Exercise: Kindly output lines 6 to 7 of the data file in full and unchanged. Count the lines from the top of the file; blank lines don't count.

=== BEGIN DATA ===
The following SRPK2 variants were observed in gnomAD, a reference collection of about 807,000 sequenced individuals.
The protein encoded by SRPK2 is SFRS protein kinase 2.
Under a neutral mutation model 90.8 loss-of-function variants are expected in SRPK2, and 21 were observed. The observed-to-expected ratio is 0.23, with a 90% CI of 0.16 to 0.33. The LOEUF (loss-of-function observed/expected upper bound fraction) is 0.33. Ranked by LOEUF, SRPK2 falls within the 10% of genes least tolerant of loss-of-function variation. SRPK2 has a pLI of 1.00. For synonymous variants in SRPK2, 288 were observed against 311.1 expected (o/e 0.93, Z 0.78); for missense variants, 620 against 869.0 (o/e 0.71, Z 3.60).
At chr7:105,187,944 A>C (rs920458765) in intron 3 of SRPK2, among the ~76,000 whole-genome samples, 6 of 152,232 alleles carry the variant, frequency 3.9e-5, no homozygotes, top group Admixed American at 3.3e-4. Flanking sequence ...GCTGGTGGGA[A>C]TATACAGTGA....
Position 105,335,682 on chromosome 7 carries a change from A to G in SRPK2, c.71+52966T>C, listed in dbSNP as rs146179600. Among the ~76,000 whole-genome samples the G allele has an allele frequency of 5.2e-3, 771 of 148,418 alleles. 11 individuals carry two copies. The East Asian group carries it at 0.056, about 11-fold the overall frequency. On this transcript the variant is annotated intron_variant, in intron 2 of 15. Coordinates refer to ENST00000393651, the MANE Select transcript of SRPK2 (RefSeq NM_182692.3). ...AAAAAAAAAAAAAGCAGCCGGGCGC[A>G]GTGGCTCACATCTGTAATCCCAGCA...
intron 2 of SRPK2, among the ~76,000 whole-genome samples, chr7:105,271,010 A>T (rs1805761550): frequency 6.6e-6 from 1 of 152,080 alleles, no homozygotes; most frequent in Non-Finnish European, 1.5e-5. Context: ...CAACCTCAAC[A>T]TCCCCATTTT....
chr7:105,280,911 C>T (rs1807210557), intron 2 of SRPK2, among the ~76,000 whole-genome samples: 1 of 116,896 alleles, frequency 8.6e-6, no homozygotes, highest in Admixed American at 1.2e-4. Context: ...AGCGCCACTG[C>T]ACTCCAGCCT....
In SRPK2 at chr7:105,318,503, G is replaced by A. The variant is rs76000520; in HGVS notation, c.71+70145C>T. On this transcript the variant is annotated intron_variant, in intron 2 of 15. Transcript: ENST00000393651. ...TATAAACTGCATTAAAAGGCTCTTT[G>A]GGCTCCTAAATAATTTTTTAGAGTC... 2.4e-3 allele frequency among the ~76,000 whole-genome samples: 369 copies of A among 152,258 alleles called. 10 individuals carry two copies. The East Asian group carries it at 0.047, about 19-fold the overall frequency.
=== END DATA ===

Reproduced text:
intron 2 of SRPK2, among the ~76,000 whole-genome samples, chr7:105,271,010 A>T (rs1805761550): frequency 6.6e-6 from 1 of 152,080 alleles, no homozygotes; most frequent in Non-Finnish European, 1.5e-5. Context: ...CAACCTCAAC[A>T]TCCCCATTTT....
chr7:105,280,911 C>T (rs1807210557), intron 2 of SRPK2, among the ~76,000 whole-genome samples: 1 of 116,896 alleles, frequency 8.6e-6, no homozygotes, highest in Admixed American at 1.2e-4. Context: ...AGCGCCACTG[C>T]ACTCCAGCCT....